True Wolf Movie Review: Don’t Be Afraid of the Big Bad Wolf

Wolves have traditionally been vilified as vicious, bloodthirsty predators not worthy of any human compassion. This documentary aims to influence that perception by recounting the complete life story of a wolf raised by humans and used as a goodwill ambassador in classrooms across the country. There’s no denying that the animals are dangerous, but at least in the case of the wolf named Koani, they’re worth a much closer look.

As a pup, Koani was adopted by a married couple named Bruce and Pat, outdoorsy Montana folks who originally accepted her on a temporary basis while participating in a research study. When that study ended as the pup approached adulthood, the couple were faced with the choice of euthanizing Koani or completely altering their own living conditions in order to accommodate her needs. Since they had already grown quite attached to her, they chose to keep her, beginning a 16-year odyssey that eventually found them utilizing her to educate students and adults around the country. There’s footage of Koani entering classrooms full of shocked students, appearing on a news program, and even taking part in an IMAX film production. That was her public role, but the film devotes at least equal time to her home life with Bruce and Pat.

Although she was raised by the pair, she could never be fully domesticated and so required special accommodations throughout her life. Bruce and Pat constructed a large corral for her outside their home, then built a tunnel to their house which dumped into a caged area in their living room. This allowed Koani the freedom to come and go as she pleased, giving her the comfort of being near the rest of her “pack” when needed. That pack quickly grew to include a friendly dog named Indy who became her faithful companion for the next 15 years.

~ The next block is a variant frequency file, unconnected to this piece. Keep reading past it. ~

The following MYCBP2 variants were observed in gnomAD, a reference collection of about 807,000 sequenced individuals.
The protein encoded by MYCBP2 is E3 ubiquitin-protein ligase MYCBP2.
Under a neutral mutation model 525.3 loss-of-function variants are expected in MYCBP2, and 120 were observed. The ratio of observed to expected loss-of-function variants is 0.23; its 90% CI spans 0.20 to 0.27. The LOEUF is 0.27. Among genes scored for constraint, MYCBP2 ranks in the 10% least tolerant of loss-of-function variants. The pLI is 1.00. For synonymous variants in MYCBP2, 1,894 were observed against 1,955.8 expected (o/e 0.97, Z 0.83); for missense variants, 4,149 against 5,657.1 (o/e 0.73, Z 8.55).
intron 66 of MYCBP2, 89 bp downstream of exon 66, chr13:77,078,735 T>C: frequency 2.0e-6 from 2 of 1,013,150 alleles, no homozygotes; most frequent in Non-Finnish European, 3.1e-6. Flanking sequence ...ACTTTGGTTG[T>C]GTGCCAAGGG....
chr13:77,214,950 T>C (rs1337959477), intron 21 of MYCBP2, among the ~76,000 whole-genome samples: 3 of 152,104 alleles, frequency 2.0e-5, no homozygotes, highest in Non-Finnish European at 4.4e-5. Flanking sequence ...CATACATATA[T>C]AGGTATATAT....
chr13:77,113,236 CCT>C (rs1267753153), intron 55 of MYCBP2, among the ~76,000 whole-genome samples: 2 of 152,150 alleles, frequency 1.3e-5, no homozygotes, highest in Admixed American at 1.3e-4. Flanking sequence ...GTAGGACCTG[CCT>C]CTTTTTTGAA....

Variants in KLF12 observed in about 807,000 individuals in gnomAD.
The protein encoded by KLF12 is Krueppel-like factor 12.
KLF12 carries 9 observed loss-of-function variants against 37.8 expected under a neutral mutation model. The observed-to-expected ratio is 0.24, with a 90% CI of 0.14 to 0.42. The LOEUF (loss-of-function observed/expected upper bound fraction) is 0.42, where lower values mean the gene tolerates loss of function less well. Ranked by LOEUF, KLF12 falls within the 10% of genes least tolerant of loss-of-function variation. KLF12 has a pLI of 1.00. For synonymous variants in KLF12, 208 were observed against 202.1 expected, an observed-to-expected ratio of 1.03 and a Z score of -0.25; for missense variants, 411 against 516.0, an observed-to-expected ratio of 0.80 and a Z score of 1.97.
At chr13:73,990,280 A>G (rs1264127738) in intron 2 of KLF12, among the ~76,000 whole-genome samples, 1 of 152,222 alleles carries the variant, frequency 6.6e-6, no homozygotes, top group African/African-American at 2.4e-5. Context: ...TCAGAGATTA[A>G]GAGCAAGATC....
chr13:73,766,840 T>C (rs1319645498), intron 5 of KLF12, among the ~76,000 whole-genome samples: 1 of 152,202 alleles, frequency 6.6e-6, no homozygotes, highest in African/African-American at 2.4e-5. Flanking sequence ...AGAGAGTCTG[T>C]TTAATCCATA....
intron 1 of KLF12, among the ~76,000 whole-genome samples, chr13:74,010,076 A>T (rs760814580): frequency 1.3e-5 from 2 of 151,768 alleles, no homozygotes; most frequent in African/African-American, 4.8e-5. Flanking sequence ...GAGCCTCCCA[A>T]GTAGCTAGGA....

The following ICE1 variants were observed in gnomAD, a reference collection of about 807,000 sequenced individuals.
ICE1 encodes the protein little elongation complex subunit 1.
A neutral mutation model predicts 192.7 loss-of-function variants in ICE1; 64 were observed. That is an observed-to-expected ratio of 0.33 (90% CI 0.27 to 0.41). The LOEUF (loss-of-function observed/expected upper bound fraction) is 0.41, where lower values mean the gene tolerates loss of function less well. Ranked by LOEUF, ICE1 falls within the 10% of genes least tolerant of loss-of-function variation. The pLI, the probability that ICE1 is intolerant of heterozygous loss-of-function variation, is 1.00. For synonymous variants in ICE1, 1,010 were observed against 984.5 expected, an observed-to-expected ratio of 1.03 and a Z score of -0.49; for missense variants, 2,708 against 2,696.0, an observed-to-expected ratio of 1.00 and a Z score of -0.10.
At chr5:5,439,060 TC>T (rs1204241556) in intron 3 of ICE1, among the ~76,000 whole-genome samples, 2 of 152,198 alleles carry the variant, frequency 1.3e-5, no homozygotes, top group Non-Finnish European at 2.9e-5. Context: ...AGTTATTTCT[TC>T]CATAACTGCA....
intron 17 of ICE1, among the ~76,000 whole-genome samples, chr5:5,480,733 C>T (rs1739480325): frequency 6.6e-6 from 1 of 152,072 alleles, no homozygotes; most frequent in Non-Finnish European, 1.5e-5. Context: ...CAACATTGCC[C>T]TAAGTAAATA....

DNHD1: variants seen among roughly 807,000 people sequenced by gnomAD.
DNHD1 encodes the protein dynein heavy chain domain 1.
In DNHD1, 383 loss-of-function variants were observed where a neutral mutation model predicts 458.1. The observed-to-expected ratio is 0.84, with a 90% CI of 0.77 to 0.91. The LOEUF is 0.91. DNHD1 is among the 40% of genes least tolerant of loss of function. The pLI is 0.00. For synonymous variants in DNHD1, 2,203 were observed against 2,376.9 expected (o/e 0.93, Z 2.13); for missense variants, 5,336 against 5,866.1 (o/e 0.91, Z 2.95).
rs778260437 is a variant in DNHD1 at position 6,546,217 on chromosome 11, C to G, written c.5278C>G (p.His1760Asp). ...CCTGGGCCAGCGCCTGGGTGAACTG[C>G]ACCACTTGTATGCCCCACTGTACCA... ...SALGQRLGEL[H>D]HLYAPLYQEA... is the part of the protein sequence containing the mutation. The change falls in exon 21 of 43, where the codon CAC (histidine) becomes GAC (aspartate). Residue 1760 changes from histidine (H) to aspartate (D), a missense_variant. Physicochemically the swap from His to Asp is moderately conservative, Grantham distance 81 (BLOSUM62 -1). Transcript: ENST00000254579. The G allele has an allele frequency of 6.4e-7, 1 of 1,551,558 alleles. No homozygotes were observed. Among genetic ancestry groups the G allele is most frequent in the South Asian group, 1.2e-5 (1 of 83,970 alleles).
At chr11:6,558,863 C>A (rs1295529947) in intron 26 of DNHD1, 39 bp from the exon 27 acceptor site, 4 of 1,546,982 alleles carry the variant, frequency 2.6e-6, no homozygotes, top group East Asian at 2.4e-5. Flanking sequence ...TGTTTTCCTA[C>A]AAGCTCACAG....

Aside from living quarter considerations, Koani required huge amounts of raw meat every day, which led to the couple sometimes dumpster diving behind butcher shops for leftovers to satisfy her ravenous appetite. She also had far greater need for exercise and exploration than dogs, forcing the couple to take the time for two-hour walks every morning and another walk in the evening. She was much faster than them, and with her powerful 100-pound frame she was usually walking them much more than the other way around, but there’s amusing footage of snowy winter walks where the humans wore skis and let her pull them around, finally giving her the opportunity to run as fast as she wanted.

The film is a retrospective of Koani’s life, since she passed away in 2007. Director Rob Whitehair constructed the film from archival footage of Koani primarily filmed by Bruce, then extensively interviewed Bruce and Pat and other humans impacted by Koani’s life. The end result is a full and rewarding picture of the extraordinary lives of a wolf and her humans. He also spends a bit of time exploring the efforts to successfully reintroduce wolves to the surrounding wilderness area, as well as the firestorm of controversy that ensued, and reveals that Bruce and Pat discovered wild wolf tracks near their home within a year of Koani’s death. While wolves will justifiably continue to be feared, this moving documentary successfully campaigns for them to be respected.

Posted in ,

Steve Geise

Leave a Comment

You must be logged in to post a comment.

Search & Filter